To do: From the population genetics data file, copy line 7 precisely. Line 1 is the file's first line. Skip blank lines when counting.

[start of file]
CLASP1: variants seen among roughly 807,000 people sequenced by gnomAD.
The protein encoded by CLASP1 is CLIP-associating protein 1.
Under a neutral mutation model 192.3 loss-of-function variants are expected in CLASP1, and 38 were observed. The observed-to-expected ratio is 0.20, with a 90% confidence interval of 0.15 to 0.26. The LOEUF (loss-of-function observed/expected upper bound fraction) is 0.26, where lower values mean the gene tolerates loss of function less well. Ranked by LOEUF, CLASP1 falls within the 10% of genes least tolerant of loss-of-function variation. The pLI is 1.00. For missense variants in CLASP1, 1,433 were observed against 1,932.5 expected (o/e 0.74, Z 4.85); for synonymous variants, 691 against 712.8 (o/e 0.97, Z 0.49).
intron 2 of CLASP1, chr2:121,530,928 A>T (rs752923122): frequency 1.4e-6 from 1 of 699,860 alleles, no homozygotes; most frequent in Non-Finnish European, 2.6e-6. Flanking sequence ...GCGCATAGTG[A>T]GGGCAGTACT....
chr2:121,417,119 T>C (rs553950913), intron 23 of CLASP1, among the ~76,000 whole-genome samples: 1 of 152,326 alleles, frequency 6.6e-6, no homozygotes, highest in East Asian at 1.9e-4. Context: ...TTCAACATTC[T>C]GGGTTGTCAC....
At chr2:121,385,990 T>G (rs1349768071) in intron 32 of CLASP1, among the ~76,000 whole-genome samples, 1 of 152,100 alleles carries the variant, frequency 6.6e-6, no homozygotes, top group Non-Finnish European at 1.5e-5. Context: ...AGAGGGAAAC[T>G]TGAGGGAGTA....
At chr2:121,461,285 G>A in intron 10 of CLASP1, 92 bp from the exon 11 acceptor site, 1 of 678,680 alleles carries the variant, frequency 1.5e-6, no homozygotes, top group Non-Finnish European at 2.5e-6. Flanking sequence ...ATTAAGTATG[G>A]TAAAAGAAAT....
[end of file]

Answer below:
At chr2:121,461,285 G>A in intron 10 of CLASP1, 92 bp from the exon 11 acceptor site, 1 of 678,680 alleles carries the variant, frequency 1.5e-6, no homozygotes, top group Non-Finnish European at 2.5e-6. Flanking sequence ...ATTAAGTATG[G>A]TAAAAGAAAT....